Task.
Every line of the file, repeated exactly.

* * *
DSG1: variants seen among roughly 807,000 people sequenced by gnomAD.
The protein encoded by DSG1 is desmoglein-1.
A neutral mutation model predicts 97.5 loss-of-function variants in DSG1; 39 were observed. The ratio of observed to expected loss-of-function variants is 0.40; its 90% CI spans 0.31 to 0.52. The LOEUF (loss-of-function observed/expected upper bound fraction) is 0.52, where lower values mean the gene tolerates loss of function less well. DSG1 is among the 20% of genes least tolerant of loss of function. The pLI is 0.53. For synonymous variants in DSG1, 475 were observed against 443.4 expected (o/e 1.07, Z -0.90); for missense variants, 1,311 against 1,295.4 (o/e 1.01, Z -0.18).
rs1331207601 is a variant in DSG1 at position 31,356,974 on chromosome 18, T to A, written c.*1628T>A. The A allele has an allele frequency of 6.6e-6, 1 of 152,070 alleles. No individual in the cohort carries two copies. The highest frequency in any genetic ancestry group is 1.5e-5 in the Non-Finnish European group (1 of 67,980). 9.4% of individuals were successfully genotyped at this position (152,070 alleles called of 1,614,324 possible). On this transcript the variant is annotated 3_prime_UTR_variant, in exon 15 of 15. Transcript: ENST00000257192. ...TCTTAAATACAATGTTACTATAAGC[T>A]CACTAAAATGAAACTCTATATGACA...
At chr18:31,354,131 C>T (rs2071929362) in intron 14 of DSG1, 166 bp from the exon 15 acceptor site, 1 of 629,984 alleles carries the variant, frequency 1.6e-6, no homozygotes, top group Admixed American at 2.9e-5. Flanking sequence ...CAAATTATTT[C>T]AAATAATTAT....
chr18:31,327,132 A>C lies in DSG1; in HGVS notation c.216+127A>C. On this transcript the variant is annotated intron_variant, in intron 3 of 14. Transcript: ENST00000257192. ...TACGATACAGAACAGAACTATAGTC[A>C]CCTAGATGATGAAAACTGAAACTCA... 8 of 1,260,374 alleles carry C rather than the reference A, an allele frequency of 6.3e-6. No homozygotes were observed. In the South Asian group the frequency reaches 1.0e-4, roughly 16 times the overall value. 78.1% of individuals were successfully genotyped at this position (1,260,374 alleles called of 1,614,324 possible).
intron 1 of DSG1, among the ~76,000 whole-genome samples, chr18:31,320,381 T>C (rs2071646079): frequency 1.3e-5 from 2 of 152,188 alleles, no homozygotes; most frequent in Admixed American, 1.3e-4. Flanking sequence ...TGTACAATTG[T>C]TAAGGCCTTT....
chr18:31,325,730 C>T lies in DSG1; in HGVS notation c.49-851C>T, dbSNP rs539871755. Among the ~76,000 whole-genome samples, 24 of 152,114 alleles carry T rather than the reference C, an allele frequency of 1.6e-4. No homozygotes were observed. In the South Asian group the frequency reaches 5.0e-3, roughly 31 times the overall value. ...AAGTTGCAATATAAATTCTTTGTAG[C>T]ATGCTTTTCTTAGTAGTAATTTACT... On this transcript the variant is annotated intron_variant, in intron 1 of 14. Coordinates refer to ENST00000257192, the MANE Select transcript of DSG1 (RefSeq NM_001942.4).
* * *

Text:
DSG1: variants seen among roughly 807,000 people sequenced by gnomAD.
The protein encoded by DSG1 is desmoglein-1.
A neutral mutation model predicts 97.5 loss-of-function variants in DSG1; 39 were observed. The ratio of observed to expected loss-of-function variants is 0.40; its 90% CI spans 0.31 to 0.52. The LOEUF (loss-of-function observed/expected upper bound fraction) is 0.52, where lower values mean the gene tolerates loss of function less well. DSG1 is among the 20% of genes least tolerant of loss of function. The pLI is 0.53. For synonymous variants in DSG1, 475 were observed against 443.4 expected (o/e 1.07, Z -0.90); for missense variants, 1,311 against 1,295.4 (o/e 1.01, Z -0.18).
rs1331207601 is a variant in DSG1 at position 31,356,974 on chromosome 18, T to A, written c.*1628T>A. The A allele has an allele frequency of 6.6e-6, 1 of 152,070 alleles. No individual in the cohort carries two copies. The highest frequency in any genetic ancestry group is 1.5e-5 in the Non-Finnish European group (1 of 67,980). 9.4% of individuals were successfully genotyped at this position (152,070 alleles called of 1,614,324 possible). On this transcript the variant is annotated 3_prime_UTR_variant, in exon 15 of 15. Transcript: ENST00000257192. ...TCTTAAATACAATGTTACTATAAGC[T>A]CACTAAAATGAAACTCTATATGACA...
At chr18:31,354,131 C>T (rs2071929362) in intron 14 of DSG1, 166 bp from the exon 15 acceptor site, 1 of 629,984 alleles carries the variant, frequency 1.6e-6, no homozygotes, top group Admixed American at 2.9e-5. Flanking sequence ...CAAATTATTT[C>T]AAATAATTAT....
chr18:31,327,132 A>C lies in DSG1; in HGVS notation c.216+127A>C. On this transcript the variant is annotated intron_variant, in intron 3 of 14. Transcript: ENST00000257192. ...TACGATACAGAACAGAACTATAGTC[A>C]CCTAGATGATGAAAACTGAAACTCA... 8 of 1,260,374 alleles carry C rather than the reference A, an allele frequency of 6.3e-6. No homozygotes were observed. In the South Asian group the frequency reaches 1.0e-4, roughly 16 times the overall value. 78.1% of individuals were successfully genotyped at this position (1,260,374 alleles called of 1,614,324 possible).
intron 1 of DSG1, among the ~76,000 whole-genome samples, chr18:31,320,381 T>C (rs2071646079): frequency 1.3e-5 from 2 of 152,188 alleles, no homozygotes; most frequent in Admixed American, 1.3e-4. Flanking sequence ...TGTACAATTG[T>C]TAAGGCCTTT....
chr18:31,325,730 C>T lies in DSG1; in HGVS notation c.49-851C>T, dbSNP rs539871755. Among the ~76,000 whole-genome samples, 24 of 152,114 alleles carry T rather than the reference C, an allele frequency of 1.6e-4. No homozygotes were observed. In the South Asian group the frequency reaches 5.0e-3, roughly 31 times the overall value. ...AAGTTGCAATATAAATTCTTTGTAG[C>T]ATGCTTTTCTTAGTAGTAATTTACT... On this transcript the variant is annotated intron_variant, in intron 1 of 14. Coordinates refer to ENST00000257192, the MANE Select transcript of DSG1 (RefSeq NM_001942.4).